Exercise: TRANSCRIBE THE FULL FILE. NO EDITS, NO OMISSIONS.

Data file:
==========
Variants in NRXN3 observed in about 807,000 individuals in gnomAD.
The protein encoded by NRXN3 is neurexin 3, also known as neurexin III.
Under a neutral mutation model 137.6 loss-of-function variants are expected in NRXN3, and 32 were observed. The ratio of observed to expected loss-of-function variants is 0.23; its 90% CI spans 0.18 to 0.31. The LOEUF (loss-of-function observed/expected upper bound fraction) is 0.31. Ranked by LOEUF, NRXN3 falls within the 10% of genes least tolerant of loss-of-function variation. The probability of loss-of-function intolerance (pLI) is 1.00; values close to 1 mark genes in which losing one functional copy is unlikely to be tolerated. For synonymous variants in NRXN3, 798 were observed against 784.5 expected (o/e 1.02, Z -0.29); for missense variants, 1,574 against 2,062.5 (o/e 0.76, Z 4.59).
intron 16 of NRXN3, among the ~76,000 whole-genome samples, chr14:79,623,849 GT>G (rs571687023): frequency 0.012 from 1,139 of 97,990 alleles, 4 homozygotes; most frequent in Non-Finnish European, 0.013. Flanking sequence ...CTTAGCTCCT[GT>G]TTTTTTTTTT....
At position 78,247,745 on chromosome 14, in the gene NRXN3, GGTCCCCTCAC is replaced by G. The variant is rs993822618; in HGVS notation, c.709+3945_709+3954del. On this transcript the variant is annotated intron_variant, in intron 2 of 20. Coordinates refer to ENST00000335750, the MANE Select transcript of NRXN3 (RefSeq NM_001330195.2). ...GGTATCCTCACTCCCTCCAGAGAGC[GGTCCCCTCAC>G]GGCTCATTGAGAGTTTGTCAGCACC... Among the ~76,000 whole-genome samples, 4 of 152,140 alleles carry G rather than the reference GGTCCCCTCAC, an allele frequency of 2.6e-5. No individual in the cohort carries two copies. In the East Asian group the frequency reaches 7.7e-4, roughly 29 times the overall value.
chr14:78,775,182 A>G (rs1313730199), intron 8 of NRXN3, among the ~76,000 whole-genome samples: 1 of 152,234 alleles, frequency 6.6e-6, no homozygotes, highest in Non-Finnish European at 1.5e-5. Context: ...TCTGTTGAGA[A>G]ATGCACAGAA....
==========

Variants in NRXN3 observed in about 807,000 individuals in gnomAD.
The protein encoded by NRXN3 is neurexin 3, also known as neurexin III.
Under a neutral mutation model 137.6 loss-of-function variants are expected in NRXN3, and 32 were observed. The ratio of observed to expected loss-of-function variants is 0.23; its 90% CI spans 0.18 to 0.31. The LOEUF (loss-of-function observed/expected upper bound fraction) is 0.31. Ranked by LOEUF, NRXN3 falls within the 10% of genes least tolerant of loss-of-function variation. The probability of loss-of-function intolerance (pLI) is 1.00; values close to 1 mark genes in which losing one functional copy is unlikely to be tolerated. For synonymous variants in NRXN3, 798 were observed against 784.5 expected (o/e 1.02, Z -0.29); for missense variants, 1,574 against 2,062.5 (o/e 0.76, Z 4.59).
intron 16 of NRXN3, among the ~76,000 whole-genome samples, chr14:79,623,849 GT>G (rs571687023): frequency 0.012 from 1,139 of 97,990 alleles, 4 homozygotes; most frequent in Non-Finnish European, 0.013. Flanking sequence ...CTTAGCTCCT[GT>G]TTTTTTTTTT....
At position 78,247,745 on chromosome 14, in the gene NRXN3, GGTCCCCTCAC is replaced by G. The variant is rs993822618; in HGVS notation, c.709+3945_709+3954del. On this transcript the variant is annotated intron_variant, in intron 2 of 20. Coordinates refer to ENST00000335750, the MANE Select transcript of NRXN3 (RefSeq NM_001330195.2). ...GGTATCCTCACTCCCTCCAGAGAGC[GGTCCCCTCAC>G]GGCTCATTGAGAGTTTGTCAGCACC... Among the ~76,000 whole-genome samples, 4 of 152,140 alleles carry G rather than the reference GGTCCCCTCAC, an allele frequency of 2.6e-5. No individual in the cohort carries two copies. In the East Asian group the frequency reaches 7.7e-4, roughly 29 times the overall value.
chr14:78,775,182 A>G (rs1313730199), intron 8 of NRXN3, among the ~76,000 whole-genome samples: 1 of 152,234 alleles, frequency 6.6e-6, no homozygotes, highest in Non-Finnish European at 1.5e-5. Context: ...TCTGTTGAGA[A>G]ATGCACAGAA....